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Discussion Starter · #1 ·
Can I add regular air to my tires when they already have NITRO in them? Will the mixture of the two have a negative impact? Reason i am asking is I went to my local dealer and ask to have NITO installed up to 45 psi. Max on tires say 51 psi. Wanted to try and get a little extra on the mileage. They refused to go above 34 psi NITRO. I do understand about the tires wearing faster with over inflated tires in the center but this would be my prob. not theirs.. Any info would be helpfull...:staffmeeting:
 

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Can I add regular air to my tires when they already have NITRO in them? Will the mixture of the two have a negative impact? Reason i am asking is I went to my local dealer and ask to have NITO installed up to 45 psi. Max on tires say 51 psi. Wanted to try and get a little extra on the mileage. They refused to go above 34 psi NITRO. I do understand about the tires wearing faster with over inflated tires in the center but this would be my prob. not theirs.. Any info would be helpfull...:staffmeeting:
The point of putting Nitrogen in tires instead of just "air" ( which is 78% nitrogen) is that the nitrogen is "dry". This means you will not see as much fluctuation in pressure when the tires heat up and they will maintain their pressure longer without molecules migrating through the rubber and causing the tire to very gradually deflate. This dry air will also ensure that the tire pressure monitors will not corrode due to excess moisture trapped in the tire.

If you add some regular air, you will lose some of these benefits, but not all of the benefit because the majority of the air will continue to be just nitrogen. Nitrogen is not magic, it is just removing a bit of a variable that exists in tires filled with just air.

The reason the dealer and Costco as well, won't overinflate your tires is for their own liability protection. Should the tire fail or you have some kind of loss of control, they fear that you would try to sue them.

Now as to how much risk you are taking, that is up to you to evaluate. There certainly is some decrease in tire performance, ride quality and tire wear characteristics that would come from gross overinflation. In no case should you risk inflation beyond the maximum stated on the sidewalk of the tire.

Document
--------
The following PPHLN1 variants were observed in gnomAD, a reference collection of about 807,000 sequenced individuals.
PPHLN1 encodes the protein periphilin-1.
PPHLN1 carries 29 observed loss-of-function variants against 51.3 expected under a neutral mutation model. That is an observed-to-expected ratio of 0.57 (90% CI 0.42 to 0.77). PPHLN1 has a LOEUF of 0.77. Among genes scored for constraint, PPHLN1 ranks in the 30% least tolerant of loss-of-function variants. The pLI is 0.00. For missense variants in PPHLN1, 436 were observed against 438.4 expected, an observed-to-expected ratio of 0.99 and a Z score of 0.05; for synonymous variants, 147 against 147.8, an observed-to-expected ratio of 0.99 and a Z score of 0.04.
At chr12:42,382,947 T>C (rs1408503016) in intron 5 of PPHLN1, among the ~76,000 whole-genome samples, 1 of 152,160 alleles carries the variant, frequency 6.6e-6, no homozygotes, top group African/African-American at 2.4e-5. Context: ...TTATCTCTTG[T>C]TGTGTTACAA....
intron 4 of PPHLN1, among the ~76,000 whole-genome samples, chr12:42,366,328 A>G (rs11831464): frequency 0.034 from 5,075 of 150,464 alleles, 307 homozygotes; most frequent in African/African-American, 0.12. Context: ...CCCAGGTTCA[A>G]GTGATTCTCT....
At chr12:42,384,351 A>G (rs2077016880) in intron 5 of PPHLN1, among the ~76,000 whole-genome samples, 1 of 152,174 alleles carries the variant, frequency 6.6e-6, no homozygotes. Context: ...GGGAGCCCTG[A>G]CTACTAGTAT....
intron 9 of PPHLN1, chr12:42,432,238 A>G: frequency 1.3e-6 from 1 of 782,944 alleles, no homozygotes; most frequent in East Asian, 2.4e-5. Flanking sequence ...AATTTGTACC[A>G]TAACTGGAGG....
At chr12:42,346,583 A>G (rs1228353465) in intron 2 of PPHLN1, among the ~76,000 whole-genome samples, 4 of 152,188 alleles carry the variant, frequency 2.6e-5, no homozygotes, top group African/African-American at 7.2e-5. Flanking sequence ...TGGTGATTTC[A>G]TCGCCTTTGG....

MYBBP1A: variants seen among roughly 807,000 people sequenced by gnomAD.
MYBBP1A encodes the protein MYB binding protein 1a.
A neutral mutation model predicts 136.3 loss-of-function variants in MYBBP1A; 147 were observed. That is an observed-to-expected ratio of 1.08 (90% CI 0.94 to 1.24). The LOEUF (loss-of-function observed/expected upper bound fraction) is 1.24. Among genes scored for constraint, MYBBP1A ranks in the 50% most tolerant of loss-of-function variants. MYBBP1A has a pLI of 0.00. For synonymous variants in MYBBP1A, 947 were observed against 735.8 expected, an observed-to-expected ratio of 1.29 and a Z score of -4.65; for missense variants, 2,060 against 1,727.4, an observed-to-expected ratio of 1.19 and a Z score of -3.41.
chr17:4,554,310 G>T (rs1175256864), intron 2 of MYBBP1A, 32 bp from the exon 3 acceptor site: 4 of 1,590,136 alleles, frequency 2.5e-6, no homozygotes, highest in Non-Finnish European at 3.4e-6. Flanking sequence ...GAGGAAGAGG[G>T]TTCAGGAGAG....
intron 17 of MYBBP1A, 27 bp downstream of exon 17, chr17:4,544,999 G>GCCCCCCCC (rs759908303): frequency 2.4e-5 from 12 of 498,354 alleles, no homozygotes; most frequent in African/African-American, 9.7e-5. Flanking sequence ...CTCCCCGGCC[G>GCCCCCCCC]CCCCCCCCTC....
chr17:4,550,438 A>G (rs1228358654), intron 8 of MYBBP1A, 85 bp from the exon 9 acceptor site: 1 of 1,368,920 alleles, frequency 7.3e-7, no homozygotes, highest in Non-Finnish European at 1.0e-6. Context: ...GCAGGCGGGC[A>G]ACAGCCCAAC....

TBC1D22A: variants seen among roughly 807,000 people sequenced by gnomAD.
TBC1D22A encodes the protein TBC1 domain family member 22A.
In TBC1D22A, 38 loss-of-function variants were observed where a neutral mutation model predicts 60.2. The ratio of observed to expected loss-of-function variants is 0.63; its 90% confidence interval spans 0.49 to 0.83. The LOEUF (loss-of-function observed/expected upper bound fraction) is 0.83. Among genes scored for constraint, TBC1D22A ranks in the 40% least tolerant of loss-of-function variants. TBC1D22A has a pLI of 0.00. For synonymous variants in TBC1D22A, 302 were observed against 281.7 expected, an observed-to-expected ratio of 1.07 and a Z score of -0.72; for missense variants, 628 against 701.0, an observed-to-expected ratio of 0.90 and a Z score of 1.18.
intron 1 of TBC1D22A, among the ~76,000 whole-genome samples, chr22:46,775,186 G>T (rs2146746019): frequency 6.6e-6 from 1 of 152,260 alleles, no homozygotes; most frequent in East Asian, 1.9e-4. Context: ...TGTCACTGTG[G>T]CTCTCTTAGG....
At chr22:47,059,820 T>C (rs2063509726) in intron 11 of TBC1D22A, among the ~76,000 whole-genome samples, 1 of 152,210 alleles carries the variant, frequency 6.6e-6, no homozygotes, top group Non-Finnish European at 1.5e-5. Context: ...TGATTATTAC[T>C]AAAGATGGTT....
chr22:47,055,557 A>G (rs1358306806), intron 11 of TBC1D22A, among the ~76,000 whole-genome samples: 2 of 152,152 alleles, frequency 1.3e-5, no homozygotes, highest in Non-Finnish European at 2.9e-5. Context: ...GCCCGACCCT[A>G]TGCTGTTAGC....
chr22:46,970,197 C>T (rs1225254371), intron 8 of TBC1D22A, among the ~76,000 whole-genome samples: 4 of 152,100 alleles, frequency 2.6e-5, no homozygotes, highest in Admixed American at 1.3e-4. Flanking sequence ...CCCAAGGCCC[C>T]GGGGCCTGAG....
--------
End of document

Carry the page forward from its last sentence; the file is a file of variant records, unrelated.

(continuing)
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why would you want to over inflate your tires anyway?

So my tires now are inflated with Nitro or do i have to ask for it? and can it only be done at the dealer or can i get it done some where else?
 

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Discussion Starter · #5 ·
why would you want to over inflate your tires anyway?

So my tires now are inflated with Nitro or do i have to ask for it? and can it only be done at the dealer or can i get it done some where else?
More MPG'S my friend. Yes I know all about the stiffer ride, the tires will wear a little faster in the center. However, I am sure there is an in between number where I can get better MPG, If the tires where out quicker that's ok----Guess I would just have to get new tires...HMMM... Might as well get some nicer wheels while it's time to get tires...See where I'm going here? Momma didn't want me to start sinking a bunch of $ into it, so I shall find ways to do things a little faster, then blame dealer for putting such chear ass tires on it in the first place and I should put up-graded wheels and tires that will last longer----Then stop over flating tires. HEHEHE.:hi5:
 

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To me Nitrogen or N2 is highly overrated for street driving. Yes it does work to limit tire pressure changes with temperature, by limiting the amount of moisture in the gas that is used to inflate the tire. Its the HO2 that makes the biggest change in tire pressure.
But it will truly only work if the tires are mounted in a N2 rich environment or a vacuum is pulled on the tire to suck out any moisture inside it before inflation.

If you plan to race on a track or autocross and want that last bit of of cornering force to be generated and your really good enough of a driver to get that last tenth or 100th of a second out of using a 95-98% N2 (I don't care what anyone says you can't get it to 100%) over 78% that normally comes in the air. And you want to control every factor that can determine an out come of a race, then go for it. But don't pay some one to inflate your tires go out an rent an N2 bottle just be careful they are charged to about 750PSI.

I forgo N2 and try to mount tires on days with low humidity and use a water trap on my air compressor. Then say for an autocross I just plan for how much the pressure will increase by the end of the run so I might be 1 psi low at the start and 1 psi over optimum at the end of a run. For running on a track I can usually set the tires to the correct pressure in practice and then during the warm-up lap get them back to temperature and pressure.

But for street driving your tire temps don't go that extreme and better off checking your tires pressures regularly.

And if you fill your tires up with Nitro CH3NO2 stay off the streets they might go boom:lol:
 
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